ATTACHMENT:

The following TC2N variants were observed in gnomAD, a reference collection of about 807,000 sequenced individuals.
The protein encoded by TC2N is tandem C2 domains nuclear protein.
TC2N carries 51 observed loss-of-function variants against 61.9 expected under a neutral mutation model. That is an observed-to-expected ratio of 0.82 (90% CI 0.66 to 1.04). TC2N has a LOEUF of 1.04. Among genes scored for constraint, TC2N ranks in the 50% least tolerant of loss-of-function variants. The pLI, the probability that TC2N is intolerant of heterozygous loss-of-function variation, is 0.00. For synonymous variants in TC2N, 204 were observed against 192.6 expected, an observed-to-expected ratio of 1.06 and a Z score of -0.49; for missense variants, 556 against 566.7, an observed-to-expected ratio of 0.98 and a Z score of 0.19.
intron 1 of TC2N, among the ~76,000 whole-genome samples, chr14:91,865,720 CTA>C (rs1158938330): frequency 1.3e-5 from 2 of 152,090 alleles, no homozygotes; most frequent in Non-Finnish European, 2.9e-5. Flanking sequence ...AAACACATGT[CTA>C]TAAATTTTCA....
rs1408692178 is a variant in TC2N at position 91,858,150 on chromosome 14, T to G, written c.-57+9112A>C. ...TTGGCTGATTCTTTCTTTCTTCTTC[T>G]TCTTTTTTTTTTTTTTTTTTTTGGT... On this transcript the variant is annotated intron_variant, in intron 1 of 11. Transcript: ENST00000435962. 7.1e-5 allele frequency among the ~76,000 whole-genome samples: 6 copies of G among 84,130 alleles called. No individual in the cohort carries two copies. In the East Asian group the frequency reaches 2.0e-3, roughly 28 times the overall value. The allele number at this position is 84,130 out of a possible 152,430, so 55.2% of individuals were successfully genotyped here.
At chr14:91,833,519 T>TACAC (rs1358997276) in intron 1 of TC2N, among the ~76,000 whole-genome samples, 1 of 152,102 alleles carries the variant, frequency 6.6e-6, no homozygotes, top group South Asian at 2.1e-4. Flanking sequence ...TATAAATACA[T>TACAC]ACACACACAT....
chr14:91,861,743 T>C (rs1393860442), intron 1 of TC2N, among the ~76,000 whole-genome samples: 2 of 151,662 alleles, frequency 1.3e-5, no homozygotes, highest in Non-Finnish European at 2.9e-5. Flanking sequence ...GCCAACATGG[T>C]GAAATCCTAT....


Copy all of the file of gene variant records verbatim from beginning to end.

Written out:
The following TC2N variants were observed in gnomAD, a reference collection of about 807,000 sequenced individuals.
The protein encoded by TC2N is tandem C2 domains nuclear protein.
TC2N carries 51 observed loss-of-function variants against 61.9 expected under a neutral mutation model. That is an observed-to-expected ratio of 0.82 (90% CI 0.66 to 1.04). TC2N has a LOEUF of 1.04. Among genes scored for constraint, TC2N ranks in the 50% least tolerant of loss-of-function variants. The pLI, the probability that TC2N is intolerant of heterozygous loss-of-function variation, is 0.00. For synonymous variants in TC2N, 204 were observed against 192.6 expected, an observed-to-expected ratio of 1.06 and a Z score of -0.49; for missense variants, 556 against 566.7, an observed-to-expected ratio of 0.98 and a Z score of 0.19.
intron 1 of TC2N, among the ~76,000 whole-genome samples, chr14:91,865,720 CTA>C (rs1158938330): frequency 1.3e-5 from 2 of 152,090 alleles, no homozygotes; most frequent in Non-Finnish European, 2.9e-5. Flanking sequence ...AAACACATGT[CTA>C]TAAATTTTCA....
rs1408692178 is a variant in TC2N at position 91,858,150 on chromosome 14, T to G, written c.-57+9112A>C. ...TTGGCTGATTCTTTCTTTCTTCTTC[T>G]TCTTTTTTTTTTTTTTTTTTTTGGT... On this transcript the variant is annotated intron_variant, in intron 1 of 11. Transcript: ENST00000435962. 7.1e-5 allele frequency among the ~76,000 whole-genome samples: 6 copies of G among 84,130 alleles called. No individual in the cohort carries two copies. In the East Asian group the frequency reaches 2.0e-3, roughly 28 times the overall value. The allele number at this position is 84,130 out of a possible 152,430, so 55.2% of individuals were successfully genotyped here.
At chr14:91,833,519 T>TACAC (rs1358997276) in intron 1 of TC2N, among the ~76,000 whole-genome samples, 1 of 152,102 alleles carries the variant, frequency 6.6e-6, no homozygotes, top group South Asian at 2.1e-4. Flanking sequence ...TATAAATACA[T>TACAC]ACACACACAT....
chr14:91,861,743 T>C (rs1393860442), intron 1 of TC2N, among the ~76,000 whole-genome samples: 2 of 151,662 alleles, frequency 1.3e-5, no homozygotes, highest in Non-Finnish European at 2.9e-5. Flanking sequence ...GCCAACATGG[T>C]GAAATCCTAT....